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Avoid Foot Injuries

If your feet do not have the correct support – or glide backwards and forwards in your shoes – they can easily suffer abnormal strain. This results in you tensing the muscles and tendons in your feet abnormally. In the long term, this can result in injury to your knees, hips and back

Foot problems often develop slowly and insidiously. And the potential for foot problems increases with age. Typical foot problems are skin and toenail complaints, pain, and injuries due to abnormal stresses and strains.

Foot, knee and back injuries account for the majority of sick days.
In other words, the right safety shoes make a great difference.

Lars Eghamn, orthopaedic engineer

OUCH, IT HURTS!
The foot has a tough job to do and there is a lot that can go wrong.
Foot problems can be crippling and often very painful. But don´t worry, we´ve listed the most common injuries and how to treat them.

Foot Stop Service

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HEEL SPURS

Under the heel there is a fat pad that acts as a cushion. Inside the heel there is a small fat pad enclosed by tissue to hold together the heel and give maximum cushioning during walking or running. If the fat pad is compressed due to heavy loads the fatty tissue will slide laterally and the cushioning effect is reduced. This is what we refer to as heel spurs.
A heel spur can be detected on an x-ray and it looks like a bone projection. The projection often develops in conjunction with an inflammation of the plantar fascia. A clear sign of a compressed fat cushion on the heel is cracks on the back of the heel.

Treatment:
Check your shoe and make sure it offers stability to your heel. Relieve pressure on the heel with a cushioning insole. Examine the appearance of the foot; what does the arch look like? Is there excessive pronation? A customized insole with correct arch support will help to distribute pressure more evenly to whole foot area and diminish the pressure on heel. Rub the heel and the tender area. If the pain persists, consult an expert.

NERVE TRAPMENT

The toes are not only involved in pushing off a step, but together with the ligaments maintain the shape of the transversal arch at the start of the toe joints. When the muscles and ligaments are not holding up the arch, there is a lowering of the forefoot arch, resulting in the nerve between the third and fourth toe being squeezed between the toe bones.
This means that at each step persistent pain may be experienced. To raise the forefoot arch, the insole must be supplemented with a forefoot cushion (pad) which helps to raise the arch. There is often nerve entrapment in combination with excessive pronation.

Treatment:
Check the foot arch and movement (pronation) of your foot so your insole provides the correct arch support. Consult an expert if the pain does not subside after three weeks.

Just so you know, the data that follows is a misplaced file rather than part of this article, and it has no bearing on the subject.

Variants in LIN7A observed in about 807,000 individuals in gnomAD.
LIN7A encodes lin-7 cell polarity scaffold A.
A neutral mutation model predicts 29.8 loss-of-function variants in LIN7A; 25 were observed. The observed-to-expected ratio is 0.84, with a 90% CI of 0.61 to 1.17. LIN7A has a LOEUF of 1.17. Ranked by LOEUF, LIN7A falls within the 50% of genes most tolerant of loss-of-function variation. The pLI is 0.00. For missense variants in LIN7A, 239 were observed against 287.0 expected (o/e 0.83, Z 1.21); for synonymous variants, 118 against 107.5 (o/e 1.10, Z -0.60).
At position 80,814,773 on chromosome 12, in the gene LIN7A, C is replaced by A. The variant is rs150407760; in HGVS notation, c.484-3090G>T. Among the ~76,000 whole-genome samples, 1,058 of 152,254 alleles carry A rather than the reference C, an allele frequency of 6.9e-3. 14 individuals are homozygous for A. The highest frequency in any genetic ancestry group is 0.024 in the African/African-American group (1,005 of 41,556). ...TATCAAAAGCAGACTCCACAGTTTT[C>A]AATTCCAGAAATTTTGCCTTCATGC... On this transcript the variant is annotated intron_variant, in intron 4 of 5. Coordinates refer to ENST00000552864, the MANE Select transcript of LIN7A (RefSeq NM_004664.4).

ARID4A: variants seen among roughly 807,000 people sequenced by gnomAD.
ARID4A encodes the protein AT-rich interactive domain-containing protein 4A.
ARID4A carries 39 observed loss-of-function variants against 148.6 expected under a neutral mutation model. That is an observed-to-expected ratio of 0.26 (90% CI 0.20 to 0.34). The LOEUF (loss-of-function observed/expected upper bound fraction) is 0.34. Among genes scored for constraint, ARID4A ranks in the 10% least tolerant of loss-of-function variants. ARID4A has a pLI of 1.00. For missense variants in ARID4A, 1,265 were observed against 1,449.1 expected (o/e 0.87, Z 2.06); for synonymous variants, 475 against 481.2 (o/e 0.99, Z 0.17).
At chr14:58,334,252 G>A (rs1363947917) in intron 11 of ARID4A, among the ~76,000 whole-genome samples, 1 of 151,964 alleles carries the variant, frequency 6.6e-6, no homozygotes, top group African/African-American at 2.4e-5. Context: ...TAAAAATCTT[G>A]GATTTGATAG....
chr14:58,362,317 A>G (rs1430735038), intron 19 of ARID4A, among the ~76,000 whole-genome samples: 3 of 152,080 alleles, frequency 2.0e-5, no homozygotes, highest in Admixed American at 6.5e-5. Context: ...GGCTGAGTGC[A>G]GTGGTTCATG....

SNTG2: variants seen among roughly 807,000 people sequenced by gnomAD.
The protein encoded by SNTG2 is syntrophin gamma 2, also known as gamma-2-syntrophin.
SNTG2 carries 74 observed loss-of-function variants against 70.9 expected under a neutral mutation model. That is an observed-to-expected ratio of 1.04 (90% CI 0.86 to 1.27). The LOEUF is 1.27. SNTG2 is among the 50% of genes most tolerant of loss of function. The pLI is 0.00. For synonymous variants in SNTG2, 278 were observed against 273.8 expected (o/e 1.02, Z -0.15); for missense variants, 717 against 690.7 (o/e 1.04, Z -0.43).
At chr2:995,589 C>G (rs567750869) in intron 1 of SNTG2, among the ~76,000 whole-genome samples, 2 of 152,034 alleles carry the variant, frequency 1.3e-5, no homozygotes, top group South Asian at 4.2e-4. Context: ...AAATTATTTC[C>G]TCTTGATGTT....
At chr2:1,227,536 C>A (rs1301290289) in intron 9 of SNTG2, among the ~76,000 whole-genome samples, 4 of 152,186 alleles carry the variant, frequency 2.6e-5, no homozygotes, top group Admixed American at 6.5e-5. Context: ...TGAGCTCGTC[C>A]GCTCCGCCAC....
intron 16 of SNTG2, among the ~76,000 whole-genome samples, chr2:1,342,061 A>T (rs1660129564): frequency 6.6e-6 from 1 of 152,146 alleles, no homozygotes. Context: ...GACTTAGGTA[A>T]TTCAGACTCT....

ANKLE SPRAIN

Ankle sprain is by far the most common injury suffered by athletes, but it is also very common to sprain your foot in the workplace. It is very easy to sprain one’s ankle when working on uneven or slippery surfaces.
Symptoms:
Pain and swelling in and around the ankle, usually on the outside with discolouration.

Treatment:
Apply pressure and cool together with elevation. Further treatment with gradual increase in motion, strength, balance and coordination training. A balance board is a good tool for rehabilitation. Taping and ankle support can be used on return to activity and work. Check the stability of the shoe and consider shoe alternatives with added support in the ankle.

ACHILLES TENDON

Soreness and swelling indicate an inflamed Achilles tendon. Inflammation of the Achilles tendon can occur when working out in chilly weather, training on hard surfaces, wearing a different trainer or running uphill. If thickening of the Achilles tendon occurs there is a risk of chronic Achilles tendonitis, which may require surgery later. If the Achilles tendon is already showing signs of thickening, you should contact a doctor or physiotherapist.
Athletes who have high arches have a greater risk of Achilles tendonitis, and also those who do not stretch the Achilles tendon before and after training.

Treatment:
Refrain from activity if the pain becomes more intense. Inflammation should be managed by massaging or other rehabilitation measures. Try to choose another activity for a while, such as swimming or cycling. Stretching the calf muscle and Achilles tendon is always recommended.

STRAIN INJURIES

By strain injury one means that the foot has been used improperly for a long time, i.e., you have a so-called incorrect biomechanical posture. Hard surfaces and repetitive working movements are often the cause of the injuries although there has been a considerable improvement in recent years. This is due to improved footwear and the fact that businesses and occupational health policies are better at preventing injury by ensuring that employees have the right footwear.

Treatment:
For strain injuries one resorts to orthopaedic techniques using individually customized cushions that relieve sore areas and correct faulty foot posture.

JALAS® Neutraliser Insoles

The need for individually designed orthopedic insoles in many cases can be avoided by using JALAS® Neutraliser Insoles, which are available for low, medium and high arches.

Go to JALAS Insoles

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